- Spillage time
Singapore is expected to see slower economic growth in the third quarter than originally anticipated, according to a Reuters survey, as the manufacturing sector is facing problems with weak global demand and a widening trade dispute between the United States and China.
According to forecasts, in July-September, the country's forecasted GDP, taking into account gross domestic product (GDP), will grow by 4.2 percent compared to the previous quarter on a seasonally adjusted and annual basis, a poll of 11 economists showed that below 4.7 percent of the growth observed in the advanced estimate, but still much stronger than in the second quarter, growth was 1.2 percent.
“It is expected that the final GDP in the third quarter will be revised downwards, given the lower-than-expected production volumes and monthly indicators for such service sectors as bank loans and real estate sales showing lower rates,” said economist Maybank Kim Eng Securities Li Yu.
Compared with the previous year, GDP growth in the third quarter was projected at 2.4 percent, which is slightly below preliminary estimates by 2.6 percent and lower than 4.1 percent in the second quarter. It also marked the third quarter in a row of softer annual growth.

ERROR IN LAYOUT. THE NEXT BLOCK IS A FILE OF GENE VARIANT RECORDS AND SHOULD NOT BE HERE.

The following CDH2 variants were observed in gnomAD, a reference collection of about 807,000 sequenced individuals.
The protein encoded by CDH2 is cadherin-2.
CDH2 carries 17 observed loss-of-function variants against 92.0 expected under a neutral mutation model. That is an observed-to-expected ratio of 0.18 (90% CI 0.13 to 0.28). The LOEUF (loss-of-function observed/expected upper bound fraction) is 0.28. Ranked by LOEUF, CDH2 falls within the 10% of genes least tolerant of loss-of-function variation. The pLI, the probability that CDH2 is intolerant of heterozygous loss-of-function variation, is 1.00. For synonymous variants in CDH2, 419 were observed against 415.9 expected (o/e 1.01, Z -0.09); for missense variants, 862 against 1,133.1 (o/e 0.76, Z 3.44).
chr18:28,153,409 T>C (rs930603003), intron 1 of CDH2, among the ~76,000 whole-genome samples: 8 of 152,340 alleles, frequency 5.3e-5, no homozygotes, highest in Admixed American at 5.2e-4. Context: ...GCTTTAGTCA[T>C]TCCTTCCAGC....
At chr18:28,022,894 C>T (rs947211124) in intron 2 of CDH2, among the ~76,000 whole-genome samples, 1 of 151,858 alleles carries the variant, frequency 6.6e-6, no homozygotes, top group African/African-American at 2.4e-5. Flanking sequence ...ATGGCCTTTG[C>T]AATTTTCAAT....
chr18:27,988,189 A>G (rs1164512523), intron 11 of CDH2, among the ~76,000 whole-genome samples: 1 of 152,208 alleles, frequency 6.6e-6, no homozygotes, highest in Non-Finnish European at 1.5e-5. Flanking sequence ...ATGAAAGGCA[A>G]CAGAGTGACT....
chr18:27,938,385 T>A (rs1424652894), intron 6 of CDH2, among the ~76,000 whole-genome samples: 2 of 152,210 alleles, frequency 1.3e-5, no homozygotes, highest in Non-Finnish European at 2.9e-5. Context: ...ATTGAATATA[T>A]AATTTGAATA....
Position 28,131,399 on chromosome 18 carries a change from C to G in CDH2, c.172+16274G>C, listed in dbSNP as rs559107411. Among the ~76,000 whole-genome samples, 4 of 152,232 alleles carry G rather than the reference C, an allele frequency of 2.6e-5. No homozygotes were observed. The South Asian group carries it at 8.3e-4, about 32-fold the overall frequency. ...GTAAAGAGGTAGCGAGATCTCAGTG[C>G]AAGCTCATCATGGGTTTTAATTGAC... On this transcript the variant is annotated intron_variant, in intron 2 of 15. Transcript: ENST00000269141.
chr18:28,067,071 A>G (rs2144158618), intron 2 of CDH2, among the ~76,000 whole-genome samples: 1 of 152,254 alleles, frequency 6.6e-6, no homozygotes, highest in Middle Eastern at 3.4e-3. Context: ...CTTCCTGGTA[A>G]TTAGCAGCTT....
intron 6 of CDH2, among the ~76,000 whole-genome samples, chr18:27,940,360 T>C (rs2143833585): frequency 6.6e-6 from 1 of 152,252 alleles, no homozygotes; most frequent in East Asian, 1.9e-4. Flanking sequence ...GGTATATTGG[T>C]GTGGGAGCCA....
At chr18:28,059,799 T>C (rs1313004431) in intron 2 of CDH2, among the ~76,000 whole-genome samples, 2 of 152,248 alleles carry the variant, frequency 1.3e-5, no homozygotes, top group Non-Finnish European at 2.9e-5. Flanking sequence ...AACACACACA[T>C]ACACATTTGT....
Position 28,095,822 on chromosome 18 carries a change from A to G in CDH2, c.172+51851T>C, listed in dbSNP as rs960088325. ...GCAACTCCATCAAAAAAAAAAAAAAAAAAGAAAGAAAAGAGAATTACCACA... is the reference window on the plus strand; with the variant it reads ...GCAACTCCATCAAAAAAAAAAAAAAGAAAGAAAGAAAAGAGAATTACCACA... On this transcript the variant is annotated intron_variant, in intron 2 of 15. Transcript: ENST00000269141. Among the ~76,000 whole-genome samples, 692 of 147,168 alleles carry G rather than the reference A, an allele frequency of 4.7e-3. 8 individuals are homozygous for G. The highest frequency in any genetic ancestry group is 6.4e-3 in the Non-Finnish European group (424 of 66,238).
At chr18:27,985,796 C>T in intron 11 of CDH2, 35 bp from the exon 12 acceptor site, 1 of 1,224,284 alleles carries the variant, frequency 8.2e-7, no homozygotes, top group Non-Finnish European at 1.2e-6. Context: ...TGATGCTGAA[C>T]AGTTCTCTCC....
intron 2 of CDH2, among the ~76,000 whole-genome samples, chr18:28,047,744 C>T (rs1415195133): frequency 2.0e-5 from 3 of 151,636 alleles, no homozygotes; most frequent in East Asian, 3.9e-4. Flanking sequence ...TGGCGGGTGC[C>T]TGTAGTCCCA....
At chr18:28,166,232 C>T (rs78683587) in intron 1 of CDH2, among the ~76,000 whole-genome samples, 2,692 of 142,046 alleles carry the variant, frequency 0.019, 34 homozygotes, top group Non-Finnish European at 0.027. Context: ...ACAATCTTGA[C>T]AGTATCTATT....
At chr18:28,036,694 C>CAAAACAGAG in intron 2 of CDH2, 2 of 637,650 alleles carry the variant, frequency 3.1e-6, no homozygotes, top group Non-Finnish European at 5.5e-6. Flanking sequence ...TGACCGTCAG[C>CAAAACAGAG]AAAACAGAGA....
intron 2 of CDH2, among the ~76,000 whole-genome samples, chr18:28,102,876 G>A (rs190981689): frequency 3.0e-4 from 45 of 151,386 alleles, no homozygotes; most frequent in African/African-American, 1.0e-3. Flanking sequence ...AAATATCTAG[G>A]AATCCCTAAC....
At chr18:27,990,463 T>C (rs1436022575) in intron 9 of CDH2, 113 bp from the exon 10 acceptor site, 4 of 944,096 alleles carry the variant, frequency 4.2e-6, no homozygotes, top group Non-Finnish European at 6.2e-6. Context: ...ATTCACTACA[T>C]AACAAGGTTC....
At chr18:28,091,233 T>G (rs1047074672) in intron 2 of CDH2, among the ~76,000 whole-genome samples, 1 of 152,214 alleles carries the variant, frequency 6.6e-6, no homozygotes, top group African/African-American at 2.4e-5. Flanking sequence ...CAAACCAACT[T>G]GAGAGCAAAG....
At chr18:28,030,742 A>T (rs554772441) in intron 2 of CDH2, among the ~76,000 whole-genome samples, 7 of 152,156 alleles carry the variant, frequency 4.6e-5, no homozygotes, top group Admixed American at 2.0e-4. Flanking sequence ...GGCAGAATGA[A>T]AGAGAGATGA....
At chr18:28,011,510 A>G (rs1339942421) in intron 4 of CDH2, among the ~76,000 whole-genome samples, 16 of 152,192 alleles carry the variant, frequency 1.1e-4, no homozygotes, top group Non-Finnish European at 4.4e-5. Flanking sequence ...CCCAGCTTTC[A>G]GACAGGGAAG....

While the economy of the city and the city grew strongly in 2018 and continued to move sensibly in the first months of the year, stresses began to arise in recent months.
Singapore’s central bank warned that a hot trade war between the United States and China, one of the city’s main trading partners, could be detrimental to the domestic economy.
Growth in exports to China slowed for 5 consecutive months, prompting concerns about the forecast, as Sino-US trade tensions showed no signs of weakening.
“We are seeing a slowdown throughout 2019,” said Steve Cochrane, chief economist at Moody's Asia Asia Pacific Pacific, adding that mitigation reflects a cooling of global growth.
The Ministry of Trade and Industry predicts a 2.5-2.5 percent year-over-year growth in 2018. The production and export of electronics was one of the main growth factors in Singapore last year, when GDP grew at the fastest pace in the last three years.
But this year, electronics exports declined this year, and factory production unexpectedly declined in September.
“This year there has been a shift in the structure of exports. Previously, it focused on electronics, but now it has moved to the non-electronic sector, for example, to pharmaceutical companies, ”said Cochrane.
See also: Singapore is the second most competitive economy in the world.